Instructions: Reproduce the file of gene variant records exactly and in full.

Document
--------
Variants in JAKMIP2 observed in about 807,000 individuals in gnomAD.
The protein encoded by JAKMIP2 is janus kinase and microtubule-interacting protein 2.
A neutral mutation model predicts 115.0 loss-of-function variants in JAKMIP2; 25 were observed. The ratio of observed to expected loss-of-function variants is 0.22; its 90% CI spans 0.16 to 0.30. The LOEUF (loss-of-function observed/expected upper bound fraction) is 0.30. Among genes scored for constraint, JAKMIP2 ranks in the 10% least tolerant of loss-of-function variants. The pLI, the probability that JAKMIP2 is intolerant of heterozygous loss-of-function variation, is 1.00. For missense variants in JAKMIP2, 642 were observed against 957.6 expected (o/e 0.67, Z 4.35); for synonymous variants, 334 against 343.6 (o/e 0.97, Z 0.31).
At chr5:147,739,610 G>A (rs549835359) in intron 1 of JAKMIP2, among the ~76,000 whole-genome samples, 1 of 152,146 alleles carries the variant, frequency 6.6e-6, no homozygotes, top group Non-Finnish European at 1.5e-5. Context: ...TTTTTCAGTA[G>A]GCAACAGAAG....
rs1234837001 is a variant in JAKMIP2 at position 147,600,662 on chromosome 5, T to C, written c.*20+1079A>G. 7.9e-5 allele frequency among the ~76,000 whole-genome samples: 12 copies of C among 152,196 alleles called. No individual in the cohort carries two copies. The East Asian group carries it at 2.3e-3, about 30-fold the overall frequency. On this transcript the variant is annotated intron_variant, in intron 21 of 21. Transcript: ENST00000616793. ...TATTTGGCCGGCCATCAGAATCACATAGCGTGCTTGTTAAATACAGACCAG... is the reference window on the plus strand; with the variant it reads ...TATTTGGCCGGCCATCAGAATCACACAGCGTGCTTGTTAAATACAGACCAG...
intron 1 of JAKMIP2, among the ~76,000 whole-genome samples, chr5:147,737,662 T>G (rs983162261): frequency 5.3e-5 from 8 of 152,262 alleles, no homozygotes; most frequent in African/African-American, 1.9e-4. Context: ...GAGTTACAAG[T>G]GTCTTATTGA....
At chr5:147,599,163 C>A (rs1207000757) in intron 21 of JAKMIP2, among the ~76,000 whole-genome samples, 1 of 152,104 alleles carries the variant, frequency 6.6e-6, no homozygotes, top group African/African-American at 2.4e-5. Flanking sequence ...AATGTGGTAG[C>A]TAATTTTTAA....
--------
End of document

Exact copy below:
Variants in JAKMIP2 observed in about 807,000 individuals in gnomAD.
The protein encoded by JAKMIP2 is janus kinase and microtubule-interacting protein 2.
A neutral mutation model predicts 115.0 loss-of-function variants in JAKMIP2; 25 were observed. The ratio of observed to expected loss-of-function variants is 0.22; its 90% CI spans 0.16 to 0.30. The LOEUF (loss-of-function observed/expected upper bound fraction) is 0.30. Among genes scored for constraint, JAKMIP2 ranks in the 10% least tolerant of loss-of-function variants. The pLI, the probability that JAKMIP2 is intolerant of heterozygous loss-of-function variation, is 1.00. For missense variants in JAKMIP2, 642 were observed against 957.6 expected (o/e 0.67, Z 4.35); for synonymous variants, 334 against 343.6 (o/e 0.97, Z 0.31).
At chr5:147,739,610 G>A (rs549835359) in intron 1 of JAKMIP2, among the ~76,000 whole-genome samples, 1 of 152,146 alleles carries the variant, frequency 6.6e-6, no homozygotes, top group Non-Finnish European at 1.5e-5. Context: ...TTTTTCAGTA[G>A]GCAACAGAAG....
rs1234837001 is a variant in JAKMIP2 at position 147,600,662 on chromosome 5, T to C, written c.*20+1079A>G. 7.9e-5 allele frequency among the ~76,000 whole-genome samples: 12 copies of C among 152,196 alleles called. No individual in the cohort carries two copies. The East Asian group carries it at 2.3e-3, about 30-fold the overall frequency. On this transcript the variant is annotated intron_variant, in intron 21 of 21. Transcript: ENST00000616793. ...TATTTGGCCGGCCATCAGAATCACATAGCGTGCTTGTTAAATACAGACCAG... is the reference window on the plus strand; with the variant it reads ...TATTTGGCCGGCCATCAGAATCACACAGCGTGCTTGTTAAATACAGACCAG...
intron 1 of JAKMIP2, among the ~76,000 whole-genome samples, chr5:147,737,662 T>G (rs983162261): frequency 5.3e-5 from 8 of 152,262 alleles, no homozygotes; most frequent in African/African-American, 1.9e-4. Context: ...GAGTTACAAG[T>G]GTCTTATTGA....
At chr5:147,599,163 C>A (rs1207000757) in intron 21 of JAKMIP2, among the ~76,000 whole-genome samples, 1 of 152,104 alleles carries the variant, frequency 6.6e-6, no homozygotes, top group African/African-American at 2.4e-5. Flanking sequence ...AATGTGGTAG[C>A]TAATTTTTAA....